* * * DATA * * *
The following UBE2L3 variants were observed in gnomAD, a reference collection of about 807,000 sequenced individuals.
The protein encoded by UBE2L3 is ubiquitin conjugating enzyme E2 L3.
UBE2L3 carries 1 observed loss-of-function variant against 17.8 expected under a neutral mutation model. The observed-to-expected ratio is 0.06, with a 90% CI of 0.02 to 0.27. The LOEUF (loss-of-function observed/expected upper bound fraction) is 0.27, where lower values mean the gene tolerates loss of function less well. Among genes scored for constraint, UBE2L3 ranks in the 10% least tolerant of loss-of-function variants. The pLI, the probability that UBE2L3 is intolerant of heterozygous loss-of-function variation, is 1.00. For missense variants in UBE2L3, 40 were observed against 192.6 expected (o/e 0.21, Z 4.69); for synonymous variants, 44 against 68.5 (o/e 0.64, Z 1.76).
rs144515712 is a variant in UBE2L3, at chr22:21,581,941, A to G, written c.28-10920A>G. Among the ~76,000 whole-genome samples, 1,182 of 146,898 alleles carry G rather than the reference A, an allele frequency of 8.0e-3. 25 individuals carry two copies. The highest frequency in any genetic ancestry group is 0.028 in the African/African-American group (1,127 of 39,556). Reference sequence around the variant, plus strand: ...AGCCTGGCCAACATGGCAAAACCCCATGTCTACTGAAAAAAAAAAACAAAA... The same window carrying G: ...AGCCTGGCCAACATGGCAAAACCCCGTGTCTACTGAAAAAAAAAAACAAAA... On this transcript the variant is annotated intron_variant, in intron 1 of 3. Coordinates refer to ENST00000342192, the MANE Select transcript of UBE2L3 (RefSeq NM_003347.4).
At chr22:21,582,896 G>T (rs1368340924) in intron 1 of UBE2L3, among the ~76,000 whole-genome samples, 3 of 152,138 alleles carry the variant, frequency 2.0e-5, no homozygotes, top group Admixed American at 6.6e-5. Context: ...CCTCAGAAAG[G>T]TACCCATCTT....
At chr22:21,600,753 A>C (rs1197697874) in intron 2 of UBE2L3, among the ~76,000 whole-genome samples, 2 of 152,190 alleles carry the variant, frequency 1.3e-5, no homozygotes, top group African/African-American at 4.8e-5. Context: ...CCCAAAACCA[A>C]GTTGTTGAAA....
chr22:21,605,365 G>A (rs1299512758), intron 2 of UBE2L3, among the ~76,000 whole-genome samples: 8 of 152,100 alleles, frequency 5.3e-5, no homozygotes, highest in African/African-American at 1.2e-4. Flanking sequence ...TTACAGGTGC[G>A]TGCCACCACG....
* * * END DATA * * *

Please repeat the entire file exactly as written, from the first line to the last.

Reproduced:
The following UBE2L3 variants were observed in gnomAD, a reference collection of about 807,000 sequenced individuals.
The protein encoded by UBE2L3 is ubiquitin conjugating enzyme E2 L3.
UBE2L3 carries 1 observed loss-of-function variant against 17.8 expected under a neutral mutation model. The observed-to-expected ratio is 0.06, with a 90% CI of 0.02 to 0.27. The LOEUF (loss-of-function observed/expected upper bound fraction) is 0.27, where lower values mean the gene tolerates loss of function less well. Among genes scored for constraint, UBE2L3 ranks in the 10% least tolerant of loss-of-function variants. The pLI, the probability that UBE2L3 is intolerant of heterozygous loss-of-function variation, is 1.00. For missense variants in UBE2L3, 40 were observed against 192.6 expected (o/e 0.21, Z 4.69); for synonymous variants, 44 against 68.5 (o/e 0.64, Z 1.76).
rs144515712 is a variant in UBE2L3, at chr22:21,581,941, A to G, written c.28-10920A>G. Among the ~76,000 whole-genome samples, 1,182 of 146,898 alleles carry G rather than the reference A, an allele frequency of 8.0e-3. 25 individuals carry two copies. The highest frequency in any genetic ancestry group is 0.028 in the African/African-American group (1,127 of 39,556). Reference sequence around the variant, plus strand: ...AGCCTGGCCAACATGGCAAAACCCCATGTCTACTGAAAAAAAAAAACAAAA... The same window carrying G: ...AGCCTGGCCAACATGGCAAAACCCCGTGTCTACTGAAAAAAAAAAACAAAA... On this transcript the variant is annotated intron_variant, in intron 1 of 3. Coordinates refer to ENST00000342192, the MANE Select transcript of UBE2L3 (RefSeq NM_003347.4).
At chr22:21,582,896 G>T (rs1368340924) in intron 1 of UBE2L3, among the ~76,000 whole-genome samples, 3 of 152,138 alleles carry the variant, frequency 2.0e-5, no homozygotes, top group Admixed American at 6.6e-5. Context: ...CCTCAGAAAG[G>T]TACCCATCTT....
At chr22:21,600,753 A>C (rs1197697874) in intron 2 of UBE2L3, among the ~76,000 whole-genome samples, 2 of 152,190 alleles carry the variant, frequency 1.3e-5, no homozygotes, top group African/African-American at 4.8e-5. Context: ...CCCAAAACCA[A>C]GTTGTTGAAA....
chr22:21,605,365 G>A (rs1299512758), intron 2 of UBE2L3, among the ~76,000 whole-genome samples: 8 of 152,100 alleles, frequency 5.3e-5, no homozygotes, highest in African/African-American at 1.2e-4. Flanking sequence ...TTACAGGTGC[G>A]TGCCACCACG....